Taken together, the findings show IL-17A has a role in tumor resistance to VEGF inhibitors and that blocking IL-17A signaling could re-sensitize some types of tumors to those inhibitors, the team wrote in its Nature Medicine paper.

Napoleone Ferrara led the team while he was a fellow at Genentech. He now is a professor of pathology at the University of California, San Diego.

Roche, Genentech and Chugai Pharmaceutical Co. Ltd. market Avastin bevacizumab, a humanized mAb against VEGF, to treat breast, brain, colorectal and renal cancers, non-small cell lung cancer (NSCLC), neurofibromatosis and solid tumors.

Genentech, Roche and NovImmune S.A. are co-developing an antibody against IL-17A and IL-17F to treat autoimmune diseases (see Opportunities and obstacles for IL-17 inhibitors).

Problems with plaque

The Swedish-U.S. researchers wanted to know how signaling between transforming growth factor β1 (TGFB1) and mother against decapentaplegic homolog 7 (MADH7; SMAD7) affected subpopulations of T cells in atherosclerosis, but they discovered a role for IL-17A instead.

The team found Smad7-deficient mouse models of atherosclerosis developed plaques with larger, more fibrous caps than wild-type controls. The deficient mice also had higher numbers of Th17 cells in draining lymph nodes and higher levels of Il-6-which can trigger Th17 differentiation-in the plaques.

These results led the team to hypothesize that IL-17A produced by Th17 cells promoted the development of fibrous caps on the plaques.

Indeed, in the Smad7-deficient models a murine anti-Il-17a antibody decreased the size of fibrous caps on the plaques compared with a nonspecific murine control antibody.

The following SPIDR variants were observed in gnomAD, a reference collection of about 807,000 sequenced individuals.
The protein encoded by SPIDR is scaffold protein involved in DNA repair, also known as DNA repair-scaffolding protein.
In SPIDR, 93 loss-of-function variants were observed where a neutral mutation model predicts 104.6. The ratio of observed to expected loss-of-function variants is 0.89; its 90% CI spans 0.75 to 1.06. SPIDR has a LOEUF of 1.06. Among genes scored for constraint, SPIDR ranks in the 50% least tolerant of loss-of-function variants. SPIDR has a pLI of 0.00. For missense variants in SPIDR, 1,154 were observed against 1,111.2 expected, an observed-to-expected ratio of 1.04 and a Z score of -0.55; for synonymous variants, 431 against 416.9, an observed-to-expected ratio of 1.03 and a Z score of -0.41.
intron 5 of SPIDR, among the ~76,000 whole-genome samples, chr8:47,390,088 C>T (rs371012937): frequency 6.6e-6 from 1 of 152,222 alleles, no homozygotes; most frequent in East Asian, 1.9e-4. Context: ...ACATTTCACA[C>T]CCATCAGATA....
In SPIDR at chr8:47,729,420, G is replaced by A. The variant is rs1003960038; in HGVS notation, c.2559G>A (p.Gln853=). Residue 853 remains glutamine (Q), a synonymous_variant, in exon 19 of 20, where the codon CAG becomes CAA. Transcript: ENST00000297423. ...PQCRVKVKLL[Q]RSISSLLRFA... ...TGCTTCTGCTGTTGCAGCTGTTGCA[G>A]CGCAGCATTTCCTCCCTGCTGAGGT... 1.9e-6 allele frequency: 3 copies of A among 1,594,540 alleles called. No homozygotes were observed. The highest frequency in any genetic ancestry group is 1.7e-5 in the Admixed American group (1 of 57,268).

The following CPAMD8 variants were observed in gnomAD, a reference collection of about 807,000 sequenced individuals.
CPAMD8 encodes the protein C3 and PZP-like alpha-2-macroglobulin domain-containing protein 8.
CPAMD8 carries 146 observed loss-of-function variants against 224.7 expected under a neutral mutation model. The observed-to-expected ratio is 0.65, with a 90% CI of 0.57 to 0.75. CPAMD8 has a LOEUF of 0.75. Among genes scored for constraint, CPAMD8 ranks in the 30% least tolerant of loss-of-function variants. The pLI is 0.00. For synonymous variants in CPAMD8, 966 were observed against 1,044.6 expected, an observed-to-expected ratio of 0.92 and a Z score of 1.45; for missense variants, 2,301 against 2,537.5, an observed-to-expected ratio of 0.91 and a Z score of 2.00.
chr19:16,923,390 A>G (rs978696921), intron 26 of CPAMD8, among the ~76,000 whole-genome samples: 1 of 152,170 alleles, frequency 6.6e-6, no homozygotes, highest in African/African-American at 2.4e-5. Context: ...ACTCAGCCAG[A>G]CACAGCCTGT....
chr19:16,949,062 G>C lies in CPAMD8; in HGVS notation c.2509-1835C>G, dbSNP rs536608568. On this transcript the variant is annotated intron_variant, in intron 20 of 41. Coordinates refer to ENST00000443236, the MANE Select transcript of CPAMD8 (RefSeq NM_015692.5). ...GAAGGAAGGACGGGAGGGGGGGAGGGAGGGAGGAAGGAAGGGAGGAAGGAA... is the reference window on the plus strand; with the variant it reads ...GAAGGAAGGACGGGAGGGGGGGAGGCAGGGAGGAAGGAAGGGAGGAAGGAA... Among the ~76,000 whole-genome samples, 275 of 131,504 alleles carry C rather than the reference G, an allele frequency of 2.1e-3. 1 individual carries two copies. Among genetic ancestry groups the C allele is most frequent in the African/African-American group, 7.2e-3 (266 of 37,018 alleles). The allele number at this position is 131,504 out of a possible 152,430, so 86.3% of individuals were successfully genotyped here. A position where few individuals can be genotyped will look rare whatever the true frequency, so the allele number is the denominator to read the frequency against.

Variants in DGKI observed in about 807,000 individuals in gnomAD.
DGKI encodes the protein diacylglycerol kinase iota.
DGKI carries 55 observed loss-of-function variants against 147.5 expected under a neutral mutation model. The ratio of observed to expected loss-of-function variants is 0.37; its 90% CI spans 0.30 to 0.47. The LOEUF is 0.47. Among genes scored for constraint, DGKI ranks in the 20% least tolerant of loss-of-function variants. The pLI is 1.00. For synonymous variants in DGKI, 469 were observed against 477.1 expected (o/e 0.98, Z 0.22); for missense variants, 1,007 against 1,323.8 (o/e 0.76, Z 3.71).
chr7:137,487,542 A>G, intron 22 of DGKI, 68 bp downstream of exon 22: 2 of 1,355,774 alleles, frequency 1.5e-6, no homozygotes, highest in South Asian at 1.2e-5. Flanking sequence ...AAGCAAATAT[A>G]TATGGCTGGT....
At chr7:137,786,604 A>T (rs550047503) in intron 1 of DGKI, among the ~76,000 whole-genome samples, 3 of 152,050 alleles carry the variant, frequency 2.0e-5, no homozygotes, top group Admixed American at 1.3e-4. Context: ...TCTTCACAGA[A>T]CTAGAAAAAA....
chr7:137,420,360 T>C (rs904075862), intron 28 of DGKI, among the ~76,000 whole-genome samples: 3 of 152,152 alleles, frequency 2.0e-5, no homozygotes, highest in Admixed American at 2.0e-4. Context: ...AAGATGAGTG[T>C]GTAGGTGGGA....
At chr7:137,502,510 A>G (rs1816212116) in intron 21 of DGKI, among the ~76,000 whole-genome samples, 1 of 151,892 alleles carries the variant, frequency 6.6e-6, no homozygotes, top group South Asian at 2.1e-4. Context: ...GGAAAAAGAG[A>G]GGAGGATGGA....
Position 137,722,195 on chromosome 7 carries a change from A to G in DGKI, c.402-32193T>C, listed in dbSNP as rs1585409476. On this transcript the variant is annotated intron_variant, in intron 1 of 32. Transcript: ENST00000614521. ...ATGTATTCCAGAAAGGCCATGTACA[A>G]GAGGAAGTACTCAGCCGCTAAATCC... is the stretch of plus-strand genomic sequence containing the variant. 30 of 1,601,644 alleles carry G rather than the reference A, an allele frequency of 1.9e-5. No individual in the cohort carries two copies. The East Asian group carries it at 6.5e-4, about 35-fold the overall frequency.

In cultured human vascular smooth muscle cells, IL-17A increased levels of fibrous collagen compared with no treatment. Furthermore, the team's transcriptome analysis of 132 human atherosclerotic plaques identified positive associations between levels of IL-17A, fibrous collagen and a marker of smooth muscle cells.

The findings collectively suggest IL-17A secreted by Th17 cells promotes the production of collagen by vascular smooth muscle cells in atherosclerotic plaques, leading to the formation of fibrous caps on those plaques, the team wrote in Science Translational Medicine.

Because cap size is crucial to plaque stability, IL-17A inhibitors could potentially destabilize atherosclerotic plaques and thus increase the risk of stroke and other cardiovascular events, team co-leader Göran Hansson told SciBX.

To assess the extent of this risk, "it will be important to analyze cardiovascular events in patients treated with IL-17 inhibitors," he said. "We hope to do this in collaboration with our colleagues in the relevant academic disciplines and perhaps also with pharma companies."